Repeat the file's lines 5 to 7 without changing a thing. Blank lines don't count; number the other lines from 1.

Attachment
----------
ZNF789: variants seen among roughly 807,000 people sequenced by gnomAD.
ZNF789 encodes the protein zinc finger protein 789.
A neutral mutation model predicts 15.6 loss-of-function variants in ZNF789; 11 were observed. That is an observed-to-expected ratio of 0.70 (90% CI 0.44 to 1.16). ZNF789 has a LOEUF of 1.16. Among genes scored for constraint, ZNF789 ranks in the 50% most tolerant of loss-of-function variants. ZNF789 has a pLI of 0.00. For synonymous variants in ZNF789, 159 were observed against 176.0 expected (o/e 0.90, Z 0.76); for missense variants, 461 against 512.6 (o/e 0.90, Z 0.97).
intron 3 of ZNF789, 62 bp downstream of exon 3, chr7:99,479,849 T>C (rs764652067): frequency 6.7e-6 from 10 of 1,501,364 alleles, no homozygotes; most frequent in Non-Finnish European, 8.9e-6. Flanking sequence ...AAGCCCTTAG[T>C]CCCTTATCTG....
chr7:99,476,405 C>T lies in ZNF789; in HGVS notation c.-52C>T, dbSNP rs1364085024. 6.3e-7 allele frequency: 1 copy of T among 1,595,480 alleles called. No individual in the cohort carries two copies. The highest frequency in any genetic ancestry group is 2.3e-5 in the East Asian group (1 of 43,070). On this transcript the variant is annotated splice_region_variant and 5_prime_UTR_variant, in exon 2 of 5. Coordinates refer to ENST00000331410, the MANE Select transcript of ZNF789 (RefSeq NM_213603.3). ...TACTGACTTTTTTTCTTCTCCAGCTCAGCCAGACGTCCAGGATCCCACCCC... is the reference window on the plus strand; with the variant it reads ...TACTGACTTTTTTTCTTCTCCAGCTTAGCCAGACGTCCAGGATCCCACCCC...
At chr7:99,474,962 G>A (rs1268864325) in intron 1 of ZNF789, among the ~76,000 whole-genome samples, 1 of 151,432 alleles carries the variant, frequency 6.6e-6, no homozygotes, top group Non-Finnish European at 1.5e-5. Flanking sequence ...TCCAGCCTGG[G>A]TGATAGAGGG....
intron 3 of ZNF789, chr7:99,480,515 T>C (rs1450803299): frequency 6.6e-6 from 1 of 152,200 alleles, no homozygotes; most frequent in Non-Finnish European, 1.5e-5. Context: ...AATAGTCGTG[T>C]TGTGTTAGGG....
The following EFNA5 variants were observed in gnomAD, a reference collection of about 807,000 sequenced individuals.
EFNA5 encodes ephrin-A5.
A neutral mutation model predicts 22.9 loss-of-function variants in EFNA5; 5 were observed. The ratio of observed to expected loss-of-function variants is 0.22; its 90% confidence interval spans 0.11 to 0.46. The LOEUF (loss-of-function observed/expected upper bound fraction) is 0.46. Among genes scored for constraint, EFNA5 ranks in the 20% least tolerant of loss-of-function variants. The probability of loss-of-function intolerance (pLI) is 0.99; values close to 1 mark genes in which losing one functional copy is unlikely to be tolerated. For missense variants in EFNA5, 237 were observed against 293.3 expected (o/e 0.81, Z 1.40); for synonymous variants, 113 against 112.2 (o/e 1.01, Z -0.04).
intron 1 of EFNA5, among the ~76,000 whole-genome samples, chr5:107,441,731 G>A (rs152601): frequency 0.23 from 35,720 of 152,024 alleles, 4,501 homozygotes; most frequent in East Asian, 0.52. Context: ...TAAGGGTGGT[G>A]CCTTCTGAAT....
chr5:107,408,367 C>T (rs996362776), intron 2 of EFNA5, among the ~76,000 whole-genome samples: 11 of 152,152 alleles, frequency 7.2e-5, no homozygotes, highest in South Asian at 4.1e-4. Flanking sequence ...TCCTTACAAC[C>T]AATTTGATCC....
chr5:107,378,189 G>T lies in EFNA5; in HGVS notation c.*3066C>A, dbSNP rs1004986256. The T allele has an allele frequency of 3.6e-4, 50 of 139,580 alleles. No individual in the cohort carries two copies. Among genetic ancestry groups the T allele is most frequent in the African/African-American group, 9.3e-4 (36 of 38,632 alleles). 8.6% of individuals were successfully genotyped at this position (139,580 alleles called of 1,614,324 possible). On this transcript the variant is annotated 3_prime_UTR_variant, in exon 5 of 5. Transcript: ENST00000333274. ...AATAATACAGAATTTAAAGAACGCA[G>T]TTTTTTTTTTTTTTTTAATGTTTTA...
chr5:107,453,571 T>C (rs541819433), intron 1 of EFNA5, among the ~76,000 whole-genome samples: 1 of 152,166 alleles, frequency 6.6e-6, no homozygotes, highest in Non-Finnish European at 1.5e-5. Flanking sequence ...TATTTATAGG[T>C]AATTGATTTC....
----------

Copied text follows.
chr7:99,476,405 C>T lies in ZNF789; in HGVS notation c.-52C>T, dbSNP rs1364085024. 6.3e-7 allele frequency: 1 copy of T among 1,595,480 alleles called. No individual in the cohort carries two copies. The highest frequency in any genetic ancestry group is 2.3e-5 in the East Asian group (1 of 43,070). On this transcript the variant is annotated splice_region_variant and 5_prime_UTR_variant, in exon 2 of 5. Coordinates refer to ENST00000331410, the MANE Select transcript of ZNF789 (RefSeq NM_213603.3). ...TACTGACTTTTTTTCTTCTCCAGCTCAGCCAGACGTCCAGGATCCCACCCC... is the reference window on the plus strand; with the variant it reads ...TACTGACTTTTTTTCTTCTCCAGCTTAGCCAGACGTCCAGGATCCCACCCC...
At chr7:99,474,962 G>A (rs1268864325) in intron 1 of ZNF789, among the ~76,000 whole-genome samples, 1 of 151,432 alleles carries the variant, frequency 6.6e-6, no homozygotes, top group Non-Finnish European at 1.5e-5. Flanking sequence ...TCCAGCCTGG[G>A]TGATAGAGGG....
intron 3 of ZNF789, chr7:99,480,515 T>C (rs1450803299): frequency 6.6e-6 from 1 of 152,200 alleles, no homozygotes; most frequent in Non-Finnish European, 1.5e-5. Context: ...AATAGTCGTG[T>C]TGTGTTAGGG....